What is ‘orgasm equality’? Period sex: Yes or no? If these are questions that you are concerned about, you can be sure that there is a video on the same by Leeza Mangaldas, 30, who is one of the most popular sex educators on the internet right now. After she switched to making Hindi videos during the pandemic, her followers have grown multifold.
Q\ What triggered the project in the first place?
A\ There is so much stigma, shame and misinformation around sex. Cosmopolitan itself issued an apology about spreading the myth of the G-spot for decades. I am not a doctor or an expert, but I am a sexually active person and vagina owner with limited access to credible resources. So, around 2017, I decided to talk about it and, hopefully, to have a forum for conversation.
Q\ At what point did you decide to switch to Hindi?
A\ I was working as a TV presenter and my sex-ed videos were all in English. But then the lockdown happened and my regular work stopped. I used this time to create more content and started doing it in Hindi. I grew up in Goa, Karnataka and Tamil Nadu, and then went to college in the US, so I never really spoke the language properly. Even now, it is a running joke with my followers that I sound like Alexa or an inflight announcement. But they do not really mind. Between 2017 and the lockdown, I had 50,000 subscribers on YouTube. In this last year I got over four lakh subscribers.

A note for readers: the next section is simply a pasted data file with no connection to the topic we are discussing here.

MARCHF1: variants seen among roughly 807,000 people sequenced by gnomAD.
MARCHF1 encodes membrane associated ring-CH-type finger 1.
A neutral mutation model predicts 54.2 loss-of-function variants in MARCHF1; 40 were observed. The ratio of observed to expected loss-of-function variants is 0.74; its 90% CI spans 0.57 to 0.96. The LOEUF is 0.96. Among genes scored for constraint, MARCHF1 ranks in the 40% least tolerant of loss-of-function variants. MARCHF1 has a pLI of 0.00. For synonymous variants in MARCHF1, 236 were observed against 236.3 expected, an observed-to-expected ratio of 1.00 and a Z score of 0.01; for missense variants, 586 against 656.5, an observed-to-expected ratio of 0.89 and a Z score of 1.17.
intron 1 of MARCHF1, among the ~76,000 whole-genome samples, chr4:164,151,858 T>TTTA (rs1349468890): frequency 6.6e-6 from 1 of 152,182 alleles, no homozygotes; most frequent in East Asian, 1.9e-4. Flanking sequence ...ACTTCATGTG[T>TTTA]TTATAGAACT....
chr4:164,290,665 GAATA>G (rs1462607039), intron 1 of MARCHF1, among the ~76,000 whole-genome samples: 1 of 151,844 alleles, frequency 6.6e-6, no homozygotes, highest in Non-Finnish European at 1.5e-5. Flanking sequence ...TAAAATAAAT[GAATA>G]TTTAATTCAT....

Q\ What about trolls?
A\ I have been fairly lucky; most people feel grateful for this information. Some of the most rewarding messages I get are when women reach out to say, “Yay, I got my first orgasm”, or “I got my first vibrator thanks to you”. Also, I am really lucky to have family that is supportive. They are my biggest cheerleaders, because trolling starts at home. Of course, there is the occasional comment like “chup randi” (shut up, slut) on the internet, but there are filters to block such abusive language now.
Q\ Are there patterns with sexual health inquiries in a pandemic?
A\ Questions that occur recurrently since I started this channel are the ones on body image and what is considered normal. Porn has become their first visual reference point for sex and it is totally unrealistic. The overarching questions are, ‘Am I normal?’ ‘Are my fantasies normal?’ We pathologise our healthy bodies and desires. People also have a lot of questions about self-pleasure, but I am not sure if the pandemic has anything to do with it.